Judge Reuben Green And The Nasty Courtroom Camera
Mar. 16, 2016 (Mimesis Law) — Either Judge Reuben Green knew what he was doing and didn’t care as he violated Georgia’s Code of Judicial Conduct or he simply wasn’t thinking about the camera trained on his discussions with prosecutors about cases absent defense counsel. Those appear to be the prevailing attitudes about this Cobb County, Georgia jurist.
A Cobb County surveillance video has some defense attorneys questioning whether their client can get a fair trial in one judge’s courtroom.
The video, obtained through an open records request, appears to show Judge Reuben Green and two assistant district attorneys talking about at least four cases without the defendant or their attorneys’ present.
This is referred to as an “ex parte communication,” and judges in Georgia don’t get to have them. Judges are supposed to refrain from them, because an ex parte communication makes people question whether a judge is fair and impartial. When those discussions are with prosecutors about trial strategy and exchanging opinions on jurors, then you shouldn’t be going there at all. Despite this, Judge Green rushed in where angels fear to tread.
“They were actually talking about some of the facts of the case. They were talking trial strategy,” said Attorney Ashleigh Merchant who has already filed for a new trial and for Judge Green to remove himself from the case.
In the video, you hear a voice that appears to be Judge Green discuss [a] case. At one point, he says, “Well hopefully this jury does the right thing. Had some unusual cases lately. Unusual juries.”
We have yet to find a definition of what constitutes an “unusual case” or an “unusual jury” in Judge Green’s courtroom. One wonders if an “unusual” circumstance might be where a jury finds someone “not guilty,” or a case might be one where a Defendant walks, given that Judge Green was a prosecutor before taking the bench. One thing that can’t be excused is prosecutors playing games to see what kind of gambit they’ll try on a person’s life, and Judge Green didn’t stop that.
In one part of the video, the prosecutors play the game rock, paper, scissors several times to decide who will handle a potential plea deal.
This was allowed in Judge Green’s court. There’s no way an outsider could ever find anything, other than “rampant condemnation” of the practice, “fair and impartial”. The District Attorney’s office has already punished those on tape by having a stern conversation about what’s appropriate to discuss in front of a judge, something that anyone who’s got the power to advocate that citizens get life plus cancer should already know before they’re hired.
District Attorney Vic Reynolds…called his entire staff together when he learned of the motion being filed, to discuss proper conduct with judges.
While Reynolds could not discuss the details of the conversation on the tape, he did defend an attorney’s ability to discuss administrative matters with a judge.
“Should they have done that? Absolutely not. I guarantee they will never do it again. I promise you. They’ve apologized to me,” said Reynolds.
Reynolds called them two excellent prosecutors having a “human moment”.
“Human moments,” “apologies” to the boss and “guarantees” don’t exactly restore the public’s trust, but who cares? It’s all about making sure the person in the jumpsuit gets the right sentence. “Seeking justice” is a concept that seems to be completely alien in Judge Green’s court given what the video shows. At this point, there’s only one word that applies to all cases coming before Judge Green: “recusal.”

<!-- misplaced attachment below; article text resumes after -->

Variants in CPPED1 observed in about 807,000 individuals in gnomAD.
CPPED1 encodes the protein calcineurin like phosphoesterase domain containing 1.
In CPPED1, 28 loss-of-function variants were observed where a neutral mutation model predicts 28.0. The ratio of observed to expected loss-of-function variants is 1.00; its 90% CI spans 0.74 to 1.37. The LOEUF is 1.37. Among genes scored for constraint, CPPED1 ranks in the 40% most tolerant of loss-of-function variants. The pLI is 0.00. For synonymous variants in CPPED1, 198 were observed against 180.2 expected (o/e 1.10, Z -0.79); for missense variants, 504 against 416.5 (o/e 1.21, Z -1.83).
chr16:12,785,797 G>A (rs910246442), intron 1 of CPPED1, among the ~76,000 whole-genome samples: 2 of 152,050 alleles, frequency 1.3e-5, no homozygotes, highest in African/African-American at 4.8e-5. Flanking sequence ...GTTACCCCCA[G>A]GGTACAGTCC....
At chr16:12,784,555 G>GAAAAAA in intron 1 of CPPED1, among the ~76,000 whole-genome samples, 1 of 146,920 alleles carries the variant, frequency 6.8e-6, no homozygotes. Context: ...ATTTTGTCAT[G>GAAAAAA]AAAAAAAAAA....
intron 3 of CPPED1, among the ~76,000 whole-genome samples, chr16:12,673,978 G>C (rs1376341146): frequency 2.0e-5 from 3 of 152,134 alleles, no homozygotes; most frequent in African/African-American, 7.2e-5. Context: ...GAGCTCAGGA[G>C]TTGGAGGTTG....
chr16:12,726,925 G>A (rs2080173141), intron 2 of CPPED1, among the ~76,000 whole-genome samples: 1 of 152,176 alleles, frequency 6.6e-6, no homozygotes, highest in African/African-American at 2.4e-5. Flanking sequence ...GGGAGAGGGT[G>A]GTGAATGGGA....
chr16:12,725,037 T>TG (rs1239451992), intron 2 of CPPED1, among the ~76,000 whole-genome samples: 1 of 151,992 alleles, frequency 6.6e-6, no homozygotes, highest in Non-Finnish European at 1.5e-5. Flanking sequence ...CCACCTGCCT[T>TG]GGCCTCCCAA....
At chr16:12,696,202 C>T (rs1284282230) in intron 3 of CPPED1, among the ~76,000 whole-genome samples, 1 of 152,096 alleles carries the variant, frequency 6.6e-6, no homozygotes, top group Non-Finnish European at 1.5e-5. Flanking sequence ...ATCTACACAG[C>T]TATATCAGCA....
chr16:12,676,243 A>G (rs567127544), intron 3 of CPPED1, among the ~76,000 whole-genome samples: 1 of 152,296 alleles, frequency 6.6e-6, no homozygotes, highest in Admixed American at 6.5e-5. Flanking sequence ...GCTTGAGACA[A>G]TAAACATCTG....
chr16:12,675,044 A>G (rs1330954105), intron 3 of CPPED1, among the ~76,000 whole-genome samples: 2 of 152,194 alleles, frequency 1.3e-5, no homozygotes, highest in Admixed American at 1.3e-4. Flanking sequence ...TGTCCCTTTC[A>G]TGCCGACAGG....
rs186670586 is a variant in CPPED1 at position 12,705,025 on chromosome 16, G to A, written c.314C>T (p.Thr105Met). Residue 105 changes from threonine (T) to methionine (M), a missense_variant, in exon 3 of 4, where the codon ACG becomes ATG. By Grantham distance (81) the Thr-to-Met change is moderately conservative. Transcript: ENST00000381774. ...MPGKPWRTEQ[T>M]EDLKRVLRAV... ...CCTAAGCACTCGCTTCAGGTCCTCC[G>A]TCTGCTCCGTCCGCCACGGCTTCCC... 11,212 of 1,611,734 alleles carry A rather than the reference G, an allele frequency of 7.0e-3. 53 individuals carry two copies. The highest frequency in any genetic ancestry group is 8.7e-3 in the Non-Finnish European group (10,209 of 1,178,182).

In late February, a motion was filed asking Judge Green to recuse himself from a case and grant a new trial, due to statements made with prosecutors outside the presence of the defendant or his attorney.
Judges are to recuse themselves from a case when their impartiality gets called into question. Judge Green is no stranger to the concept of “recusal,” having been the subject of a Georgia Supreme Court decision on whether a judge can actually defend himself on a motion to recuse. Now he’s got bigger worries. Someone’s seized on this and threatened Green’s job security.
Attorney Nathan Wade said he’s not going to weigh in on whether the conversation was appropriate, but personally believes the public’s trust has been broken.
That’s why Wade said he shifted his campaign to run against Green. Originally he had intended to run for an open seat, created by a retiring Superior Court judge.
“It’s disturbing to hear and to know that a member of the judicial branch of government doesn’t really have confidence in our jury system.” (Emphasis added)
Someone doing something stupid and suffering consequences is nothing new. That’s a simplistic definition of every criminal law case. Someone exploiting another’s lapse in judgment for political gain is as old as the hills. This matter gets interesting when costs for security footage from Judge Green’s courtroom are drastically hiked because of a “return to policy.”
Merchant said she’s requested copies of the courts security videos in the past and they have always cost $5. But in response to her most recent request, the cost jumped closer to $250.
Cobb County said there’s been… just a return to policy. It said the video at the center of this controversy should have been screened prior to its release by law enforcement, but that didn’t happen.
In a written statement a county spokesperson said that “it’s necessary to review the proceedings to make sure nothing released would compromise the safety and security of our court and its participants.”
Apparently, Cobb County, Georgia places the “safety and security” of Judge Green and the prosecutors in his court over the other “participants.”